MARTIN J. CLINE, M.D.; DENNIS J. SLAMON, M.D., Ph.D.; JOSEPH S. LIPSICK, M.D., Ph.D.
Cellular oncogenes comprise a small family of genes, highly conserved throughout vertebrate evolution, that code for proteins with diverse functions including DNA binding, protein kinase, and cellular growth factor activities. Cellular oncogenes are important in certain aspects of the proliferation and differentiation of normal cells. Under some circumstances these genes may also induce malignant transformation of normal cells. Various mechanisms may underlie their involvement in carcinogenesis. Incorporation of all, or part of, cellular oncogenes into RNA tumor viruses, mutations in gene structure, or translocation of cellular oncogenes from one chromosome to another may all be associated with the induction of malignant change in cells. In some of these situations altered oncogene products are made. Knowledge about the biology of oncogenes may lead to improved techniques for cancer detection and perhaps new approaches to cancer treatment.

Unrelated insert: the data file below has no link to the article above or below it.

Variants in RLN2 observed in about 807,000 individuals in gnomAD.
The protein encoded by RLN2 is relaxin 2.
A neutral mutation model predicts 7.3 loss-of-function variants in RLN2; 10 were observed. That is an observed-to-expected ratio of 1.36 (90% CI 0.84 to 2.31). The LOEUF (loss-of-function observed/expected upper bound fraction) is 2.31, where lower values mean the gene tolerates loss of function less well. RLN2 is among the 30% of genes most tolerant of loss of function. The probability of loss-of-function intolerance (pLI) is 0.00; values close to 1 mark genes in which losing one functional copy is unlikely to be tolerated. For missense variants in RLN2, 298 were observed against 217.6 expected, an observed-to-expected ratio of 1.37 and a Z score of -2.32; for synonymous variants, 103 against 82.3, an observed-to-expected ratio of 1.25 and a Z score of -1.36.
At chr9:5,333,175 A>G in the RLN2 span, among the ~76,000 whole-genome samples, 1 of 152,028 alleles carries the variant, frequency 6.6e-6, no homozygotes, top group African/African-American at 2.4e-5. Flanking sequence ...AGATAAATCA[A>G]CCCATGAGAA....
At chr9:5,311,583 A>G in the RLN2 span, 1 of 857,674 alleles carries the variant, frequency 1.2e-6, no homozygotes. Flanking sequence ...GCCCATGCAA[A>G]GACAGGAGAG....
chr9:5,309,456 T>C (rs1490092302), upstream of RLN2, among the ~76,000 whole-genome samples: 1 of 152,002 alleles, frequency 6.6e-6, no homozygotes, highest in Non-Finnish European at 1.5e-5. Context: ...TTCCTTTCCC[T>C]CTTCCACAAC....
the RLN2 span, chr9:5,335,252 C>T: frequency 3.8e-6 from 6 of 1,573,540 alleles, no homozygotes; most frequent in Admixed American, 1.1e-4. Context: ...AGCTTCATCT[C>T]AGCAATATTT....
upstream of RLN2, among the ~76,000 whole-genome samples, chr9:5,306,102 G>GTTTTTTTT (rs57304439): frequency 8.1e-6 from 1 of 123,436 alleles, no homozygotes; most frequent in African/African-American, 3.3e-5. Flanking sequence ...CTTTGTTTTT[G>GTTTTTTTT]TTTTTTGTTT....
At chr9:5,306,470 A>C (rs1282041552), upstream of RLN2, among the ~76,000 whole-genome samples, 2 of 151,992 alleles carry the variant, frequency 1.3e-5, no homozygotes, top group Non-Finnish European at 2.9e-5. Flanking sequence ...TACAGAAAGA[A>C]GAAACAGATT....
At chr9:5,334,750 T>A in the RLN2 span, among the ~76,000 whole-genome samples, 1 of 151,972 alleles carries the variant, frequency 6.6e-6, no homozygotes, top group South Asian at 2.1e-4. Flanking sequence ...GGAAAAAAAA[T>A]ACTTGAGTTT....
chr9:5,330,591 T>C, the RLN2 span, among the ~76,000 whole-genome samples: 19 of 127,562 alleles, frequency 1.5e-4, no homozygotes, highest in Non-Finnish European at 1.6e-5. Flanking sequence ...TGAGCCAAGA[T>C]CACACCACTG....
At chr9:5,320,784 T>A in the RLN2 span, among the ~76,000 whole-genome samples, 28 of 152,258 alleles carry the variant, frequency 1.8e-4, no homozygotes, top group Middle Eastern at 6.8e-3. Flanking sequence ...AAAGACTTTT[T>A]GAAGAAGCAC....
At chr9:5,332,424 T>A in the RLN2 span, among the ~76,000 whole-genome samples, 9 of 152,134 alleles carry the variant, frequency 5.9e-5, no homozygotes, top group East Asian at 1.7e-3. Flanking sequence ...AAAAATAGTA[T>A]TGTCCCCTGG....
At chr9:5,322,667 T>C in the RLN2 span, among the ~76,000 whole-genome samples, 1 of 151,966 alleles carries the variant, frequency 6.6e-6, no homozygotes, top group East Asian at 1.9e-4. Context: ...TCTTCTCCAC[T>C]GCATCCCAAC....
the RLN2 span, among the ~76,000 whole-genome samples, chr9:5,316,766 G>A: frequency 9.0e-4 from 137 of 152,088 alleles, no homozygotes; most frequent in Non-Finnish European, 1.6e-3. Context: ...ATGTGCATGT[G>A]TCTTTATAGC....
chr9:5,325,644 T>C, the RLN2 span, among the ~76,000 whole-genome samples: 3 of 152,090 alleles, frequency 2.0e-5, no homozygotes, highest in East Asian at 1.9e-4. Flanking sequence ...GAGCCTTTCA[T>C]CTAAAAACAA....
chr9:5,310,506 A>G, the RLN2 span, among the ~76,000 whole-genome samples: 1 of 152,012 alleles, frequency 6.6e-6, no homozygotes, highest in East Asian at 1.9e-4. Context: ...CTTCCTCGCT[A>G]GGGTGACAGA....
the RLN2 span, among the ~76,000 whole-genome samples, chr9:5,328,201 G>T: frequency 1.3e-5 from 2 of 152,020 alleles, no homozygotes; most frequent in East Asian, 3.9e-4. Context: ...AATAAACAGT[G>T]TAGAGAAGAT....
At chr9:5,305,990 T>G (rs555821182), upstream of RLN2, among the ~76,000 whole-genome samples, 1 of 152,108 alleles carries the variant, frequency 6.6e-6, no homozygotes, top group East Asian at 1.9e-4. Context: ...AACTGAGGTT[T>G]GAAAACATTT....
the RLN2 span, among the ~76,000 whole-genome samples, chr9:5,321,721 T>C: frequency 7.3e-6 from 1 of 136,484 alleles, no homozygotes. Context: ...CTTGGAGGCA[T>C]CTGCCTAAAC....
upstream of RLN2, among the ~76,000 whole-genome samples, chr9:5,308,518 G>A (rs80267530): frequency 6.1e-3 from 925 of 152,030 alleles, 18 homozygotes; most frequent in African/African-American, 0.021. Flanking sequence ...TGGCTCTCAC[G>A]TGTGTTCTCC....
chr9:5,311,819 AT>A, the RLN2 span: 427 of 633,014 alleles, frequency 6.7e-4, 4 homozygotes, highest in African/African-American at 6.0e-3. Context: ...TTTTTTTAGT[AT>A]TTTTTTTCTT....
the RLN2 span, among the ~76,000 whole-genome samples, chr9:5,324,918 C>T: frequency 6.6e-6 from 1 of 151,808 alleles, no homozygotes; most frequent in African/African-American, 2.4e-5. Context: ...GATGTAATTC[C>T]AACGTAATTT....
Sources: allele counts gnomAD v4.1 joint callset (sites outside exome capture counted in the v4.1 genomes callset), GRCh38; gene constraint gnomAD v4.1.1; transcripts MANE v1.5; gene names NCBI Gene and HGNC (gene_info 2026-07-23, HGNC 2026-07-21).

MARTIN J. CLINE, DENNIS J. SLAMON, JOSEPH S. LIPSICK. Oncogenes: Implications for the Diagnosis and Treatment of Cancer. Ann Intern Med. 1984;101:223–233. doi: 10.7326/0003-4819-101-2-223
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Published: Ann Intern Med. 1984;101(2):223-233.
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